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White House responds after hacker raises chemical level at Oldsmar's water treatment plant

The FBI and U.S. Secret Service are among the agencies investigating the breach.

WASHINGTON, D.C., USA — The investigation into the hacker who gained access to the city of Oldsmar's water treatment plant and bumped the sodium hydroxide in the water to a "dangerous" level" has now gotten the attention of the White House.

During a Tuesday press briefing, Press Secretary Jen Psaki was asked about the incident that is being investigated by the Pinellas County Sheriff's Office, along with the FBI and U.S. Secret Service because it remains unclear if the breach came from within the U.S. or from a foreign actor. 

Psaki left the details to the federal officials but commented on the threat of cybersecurity attacks as a whole. 

"I will say, broadly speaking, that the president, the vice president, members of our national security team are focused on elevating cybersecurity as a threat that has only increased over the past several years," Psaki said. "That's why they've made it an across government focus and why he has elevated positions in the White House and in other parts of our government."

The act being referred to happened on Feb. 5 in Pinellas County when Sheriff Bob Gualtieri says a hacker twice entered the City of Oldsmar's water treatment system responsible for controlling the chemicals and other operations.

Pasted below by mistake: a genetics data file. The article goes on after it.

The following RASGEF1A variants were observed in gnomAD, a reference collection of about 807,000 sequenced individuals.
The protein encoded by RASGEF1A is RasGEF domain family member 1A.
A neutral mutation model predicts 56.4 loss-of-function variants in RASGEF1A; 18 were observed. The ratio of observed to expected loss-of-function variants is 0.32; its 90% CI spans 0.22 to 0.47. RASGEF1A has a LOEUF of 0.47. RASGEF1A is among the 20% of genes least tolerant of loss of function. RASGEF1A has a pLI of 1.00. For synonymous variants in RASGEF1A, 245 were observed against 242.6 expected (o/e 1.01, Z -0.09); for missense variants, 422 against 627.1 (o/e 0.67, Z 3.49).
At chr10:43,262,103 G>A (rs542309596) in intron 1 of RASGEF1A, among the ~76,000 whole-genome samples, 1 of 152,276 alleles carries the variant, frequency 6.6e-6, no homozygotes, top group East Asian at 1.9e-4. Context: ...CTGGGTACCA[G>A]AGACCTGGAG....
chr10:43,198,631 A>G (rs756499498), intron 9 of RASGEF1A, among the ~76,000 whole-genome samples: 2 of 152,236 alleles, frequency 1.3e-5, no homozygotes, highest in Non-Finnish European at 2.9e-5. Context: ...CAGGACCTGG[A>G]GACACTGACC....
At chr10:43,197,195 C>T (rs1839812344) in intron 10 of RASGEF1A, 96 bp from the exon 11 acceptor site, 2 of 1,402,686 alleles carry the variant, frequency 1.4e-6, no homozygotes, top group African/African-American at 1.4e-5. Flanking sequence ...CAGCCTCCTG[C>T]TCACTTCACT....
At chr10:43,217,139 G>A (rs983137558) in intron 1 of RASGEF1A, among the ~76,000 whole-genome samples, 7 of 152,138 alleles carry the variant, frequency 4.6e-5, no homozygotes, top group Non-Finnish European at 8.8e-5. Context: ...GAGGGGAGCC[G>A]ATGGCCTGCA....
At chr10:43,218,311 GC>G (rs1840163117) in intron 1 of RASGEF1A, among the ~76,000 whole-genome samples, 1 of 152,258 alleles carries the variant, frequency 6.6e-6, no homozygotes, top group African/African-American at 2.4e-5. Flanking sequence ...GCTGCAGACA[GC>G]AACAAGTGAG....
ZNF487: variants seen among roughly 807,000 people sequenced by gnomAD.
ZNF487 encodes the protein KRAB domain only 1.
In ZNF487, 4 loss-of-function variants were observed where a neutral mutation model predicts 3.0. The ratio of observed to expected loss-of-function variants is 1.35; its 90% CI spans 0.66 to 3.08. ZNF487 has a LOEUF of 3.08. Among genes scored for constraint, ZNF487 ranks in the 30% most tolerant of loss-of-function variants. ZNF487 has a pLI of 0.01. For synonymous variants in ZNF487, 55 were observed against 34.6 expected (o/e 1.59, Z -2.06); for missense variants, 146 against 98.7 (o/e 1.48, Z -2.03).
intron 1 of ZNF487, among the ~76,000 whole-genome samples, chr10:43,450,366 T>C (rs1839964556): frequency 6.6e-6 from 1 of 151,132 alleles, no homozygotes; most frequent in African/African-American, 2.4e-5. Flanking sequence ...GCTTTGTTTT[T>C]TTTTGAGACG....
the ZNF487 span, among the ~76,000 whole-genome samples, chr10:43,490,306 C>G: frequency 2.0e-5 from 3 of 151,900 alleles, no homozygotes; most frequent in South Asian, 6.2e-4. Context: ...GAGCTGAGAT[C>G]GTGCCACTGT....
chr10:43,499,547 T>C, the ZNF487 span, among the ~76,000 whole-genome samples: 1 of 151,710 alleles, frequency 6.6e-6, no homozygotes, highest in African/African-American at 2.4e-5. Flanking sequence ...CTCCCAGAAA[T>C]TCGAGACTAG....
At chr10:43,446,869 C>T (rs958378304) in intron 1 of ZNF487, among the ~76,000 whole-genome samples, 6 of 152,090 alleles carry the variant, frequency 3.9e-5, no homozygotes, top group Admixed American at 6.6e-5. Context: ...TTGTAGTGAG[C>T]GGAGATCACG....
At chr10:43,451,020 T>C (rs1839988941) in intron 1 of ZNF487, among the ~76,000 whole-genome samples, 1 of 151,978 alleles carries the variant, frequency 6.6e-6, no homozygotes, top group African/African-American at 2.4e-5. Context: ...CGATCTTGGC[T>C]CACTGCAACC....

On the second entry, the hacker is reported to have adjusted the amount of sodium hydroxide in the water from 100 parts per million to 11,100. 

“This is obviously a significant and potentially dangerous increase. Sodium hydroxide, also known as lye, is the main ingredient in liquid drain cleaners," Gualtieri said during a press conference.

The operator immediately reduced the levels back to the appropriate amount and “at no time was there a significant adverse effect on the water being treated.”

Even if the operator did not notice the intrusion, the sheriff, Oldsmar Mayor Eric Seidel and City Manager Al Braithwaite all noted several fail-safes and alarm systems are in place to flag issues of this kind.

Gualtieri reinforced that at no time was the public in danger.

The remote access program has been disabled while work is done to ensure a breach like this does not happen again. The identity of the accused hacker is not yet known, but law enforcement agencies are working to follow leads. 

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